Following reports by Reason and other media outlets, and complaints from federal whistleblowers, lawyers representing minors in U.S. immigration custody say the Biden administration is housing migrant youths in "inherently unsafe and inappropriate" conditions.
In a motion filed Monday asking a federal court to order the release of migrant youths from two of the Biden administration's so-called emergency intake sites (EIS), lawyers for the National Center for Youth Law argue that the substandard living conditions inside the sites violate the terms of the 1997 Flores Settlement Agreement. That agreement binds the federal government to certain standards regarding the treatment of migrant children.
The main focus of the complaint is two emergency sites in Pecos, Texas, and inside the Fort Bliss Army base near El Paso, Texas. The Fort Bliss site is the largest in the network of emergency shelters the Biden administration set up earlier this year to move unaccompanied migrant children out of Customs and Border Protection detention centers.
In theory, these sites, run by the Department of Health and Human Services (HHS) are a way station for kids who are waiting to be reunited with relatives or other connections in the U.S. In fact, staffing problems and other issues left many kids stuck in limbo for up to a month or more in conditions that federal whistleblowers, lawyers, and the children themselves have described as filthy and chaotic.
"For months, the children we have met with at the EISs have shared one horror story after the next," Leecia Welch, senior director of child welfare and legal advocacy at the National Center for Youth Law, said in a press release. "Children have described spending the bulk of the day on or around their cots crammed in massive tents with hundreds of other children, suffering escalating anxiety attacks from the stress of the harsh EIS environment, going weeks without clean clothes or underwear, and spending months without going outside for some fresh air. While some of the unsafe EIS facilities have been closed, mega tent encampments and mining mancamp sites like Fort Bliss and Pecos remain open with no end in sight."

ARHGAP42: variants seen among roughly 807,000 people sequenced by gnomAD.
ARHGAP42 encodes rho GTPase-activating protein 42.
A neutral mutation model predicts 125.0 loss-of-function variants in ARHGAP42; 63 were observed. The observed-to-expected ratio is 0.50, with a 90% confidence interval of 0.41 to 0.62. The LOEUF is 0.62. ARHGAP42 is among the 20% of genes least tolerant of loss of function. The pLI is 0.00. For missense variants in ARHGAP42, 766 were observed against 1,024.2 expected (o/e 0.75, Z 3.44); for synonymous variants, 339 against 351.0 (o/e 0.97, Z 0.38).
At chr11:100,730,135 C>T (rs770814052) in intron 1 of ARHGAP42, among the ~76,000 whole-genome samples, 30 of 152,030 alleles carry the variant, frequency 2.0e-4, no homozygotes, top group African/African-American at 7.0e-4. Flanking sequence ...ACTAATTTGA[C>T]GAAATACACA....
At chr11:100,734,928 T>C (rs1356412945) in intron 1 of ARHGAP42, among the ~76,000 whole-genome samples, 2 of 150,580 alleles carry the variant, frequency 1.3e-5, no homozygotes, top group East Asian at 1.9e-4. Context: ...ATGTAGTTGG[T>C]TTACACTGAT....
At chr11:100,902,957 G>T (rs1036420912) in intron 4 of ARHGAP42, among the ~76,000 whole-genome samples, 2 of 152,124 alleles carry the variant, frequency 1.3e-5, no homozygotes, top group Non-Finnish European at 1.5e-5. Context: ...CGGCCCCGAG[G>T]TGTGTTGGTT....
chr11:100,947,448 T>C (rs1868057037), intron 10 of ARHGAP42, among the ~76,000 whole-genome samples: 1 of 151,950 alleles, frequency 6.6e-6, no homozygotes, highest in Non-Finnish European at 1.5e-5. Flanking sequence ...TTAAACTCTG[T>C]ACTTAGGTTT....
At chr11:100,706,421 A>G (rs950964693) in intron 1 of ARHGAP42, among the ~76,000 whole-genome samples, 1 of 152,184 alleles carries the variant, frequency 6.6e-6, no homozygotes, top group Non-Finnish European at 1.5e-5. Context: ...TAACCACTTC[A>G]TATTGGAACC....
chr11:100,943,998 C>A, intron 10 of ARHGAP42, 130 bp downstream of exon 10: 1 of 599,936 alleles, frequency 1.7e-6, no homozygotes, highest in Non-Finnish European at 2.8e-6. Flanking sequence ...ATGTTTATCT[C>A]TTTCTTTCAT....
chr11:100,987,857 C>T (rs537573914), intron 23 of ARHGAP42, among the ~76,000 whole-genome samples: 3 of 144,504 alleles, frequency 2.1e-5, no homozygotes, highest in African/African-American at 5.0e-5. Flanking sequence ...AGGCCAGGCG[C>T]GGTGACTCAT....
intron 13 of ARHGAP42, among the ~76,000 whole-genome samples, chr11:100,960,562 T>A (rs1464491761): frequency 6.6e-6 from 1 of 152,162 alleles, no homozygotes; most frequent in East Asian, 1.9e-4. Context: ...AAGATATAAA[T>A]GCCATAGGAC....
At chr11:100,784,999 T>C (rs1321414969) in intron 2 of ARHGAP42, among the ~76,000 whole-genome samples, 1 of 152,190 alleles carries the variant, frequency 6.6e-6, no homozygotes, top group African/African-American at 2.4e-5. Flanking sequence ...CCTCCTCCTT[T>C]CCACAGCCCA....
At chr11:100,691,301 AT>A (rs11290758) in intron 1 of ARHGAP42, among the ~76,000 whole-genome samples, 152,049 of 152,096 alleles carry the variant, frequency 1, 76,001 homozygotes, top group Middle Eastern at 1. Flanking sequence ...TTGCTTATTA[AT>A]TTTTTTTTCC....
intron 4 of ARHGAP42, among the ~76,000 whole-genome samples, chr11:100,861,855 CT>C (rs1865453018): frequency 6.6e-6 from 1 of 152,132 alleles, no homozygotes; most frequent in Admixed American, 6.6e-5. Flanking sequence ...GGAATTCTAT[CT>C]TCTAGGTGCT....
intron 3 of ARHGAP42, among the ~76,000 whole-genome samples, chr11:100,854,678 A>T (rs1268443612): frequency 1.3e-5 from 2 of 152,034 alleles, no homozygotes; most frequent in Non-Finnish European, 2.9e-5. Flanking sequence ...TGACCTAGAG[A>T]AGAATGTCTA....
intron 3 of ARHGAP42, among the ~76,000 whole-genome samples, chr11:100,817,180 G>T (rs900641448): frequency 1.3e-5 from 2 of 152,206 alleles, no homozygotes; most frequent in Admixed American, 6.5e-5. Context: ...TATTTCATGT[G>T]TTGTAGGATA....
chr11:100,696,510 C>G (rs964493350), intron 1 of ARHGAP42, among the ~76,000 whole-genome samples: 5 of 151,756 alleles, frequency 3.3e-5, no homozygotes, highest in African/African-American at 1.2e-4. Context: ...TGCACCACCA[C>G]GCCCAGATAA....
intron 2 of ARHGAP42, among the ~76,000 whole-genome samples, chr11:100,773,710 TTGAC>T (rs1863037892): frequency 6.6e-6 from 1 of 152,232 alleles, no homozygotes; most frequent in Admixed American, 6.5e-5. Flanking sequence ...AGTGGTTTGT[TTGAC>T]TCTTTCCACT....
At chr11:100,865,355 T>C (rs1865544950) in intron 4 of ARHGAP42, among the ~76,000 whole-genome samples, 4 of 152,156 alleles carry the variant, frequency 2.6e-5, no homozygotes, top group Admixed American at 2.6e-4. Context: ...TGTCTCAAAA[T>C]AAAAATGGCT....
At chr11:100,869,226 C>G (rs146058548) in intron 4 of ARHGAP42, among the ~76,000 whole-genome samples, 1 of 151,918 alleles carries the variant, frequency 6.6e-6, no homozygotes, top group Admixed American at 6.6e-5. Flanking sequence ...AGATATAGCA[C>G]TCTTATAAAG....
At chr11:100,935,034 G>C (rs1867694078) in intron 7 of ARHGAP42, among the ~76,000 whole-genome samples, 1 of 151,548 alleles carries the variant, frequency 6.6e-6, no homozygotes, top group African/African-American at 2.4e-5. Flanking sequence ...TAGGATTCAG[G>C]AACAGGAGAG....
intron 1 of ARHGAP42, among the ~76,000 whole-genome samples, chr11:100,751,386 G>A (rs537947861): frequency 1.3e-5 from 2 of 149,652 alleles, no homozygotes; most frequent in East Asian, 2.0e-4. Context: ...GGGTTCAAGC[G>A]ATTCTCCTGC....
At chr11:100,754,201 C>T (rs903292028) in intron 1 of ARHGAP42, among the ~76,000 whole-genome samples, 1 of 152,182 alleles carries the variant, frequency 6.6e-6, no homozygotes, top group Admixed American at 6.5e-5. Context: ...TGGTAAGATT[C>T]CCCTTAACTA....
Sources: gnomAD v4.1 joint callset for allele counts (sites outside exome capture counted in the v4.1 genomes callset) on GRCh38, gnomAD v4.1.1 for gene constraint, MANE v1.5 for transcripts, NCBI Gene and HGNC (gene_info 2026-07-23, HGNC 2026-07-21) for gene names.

Accompanying the motion are more than a dozen declarations from youths being held in the EIS system. In one declaration, a girl detained at a site in Pecos EIS for more than 40 days said: "When we eat meals, the meat and eggs are sometimes a bit raw…Sometimes, I worry about eating the food because I don't want to get sick. I know of two kids [who] threw up after eating the food.…I have switched case managers three different times – I think that they just abandoned my case. No one has explained why I have had so many different case managers."
Federal employees detailed to the Fort Bliss shelter told Reason in May that there was rampant mismanagement inside the secretive site: There were persistent underwear shortages; children were crammed inside loud, dirty tents; contractors and federal employees were unqualified to work with children; and there were disturbing incidents of medical neglect.
Monday's legal filings also cite an audiotape of a training session for federal employees at the Fort Bliss EIS, first obtained by Reason. In the tape, the trainer says there has been inappropriate contact between minors and staff.
"We have already caught staff with minors inappropriately," the trainer says. "Is that OK with you guys? I hope not. We have also caught minors with minors, which is, you know—we've got teenagers in this shelter. What's happening with teenagers? Hormones, raging out of control. It's important that we maintain safety and vigilance. Be vigilant. Stop what is happening. If you don't watch these kids, and you're not the one who is going to step in, who's going to? Be that person to stand up for the minors because that's what we're here for."
The tapes were later included in a whistleblower complaint by two federal employees who were detailed to the Fort Bliss shelter between April and June. The whistleblowers said they witnessed intolerable noise, filth, and odors inside the large tents where children are housed; contractors who were wholly unqualified to work with youths; and hostility, indifference, and resistance to providing medical treatment to sick kids.
In June, numerous other testimonials by migrant youths were filed in federal court describing limited time outside, sporadic showers, and being served inadequate or unsafe food, including raw chicken and foul-smelling hamburgers.
Earlier this month, 33 members of Congress sent a letter to HHS Secretary Xavier Becerra expressing "immense concern and horror" at the whistleblower allegations and urging the HHS inspector general to immediately launch an investigation.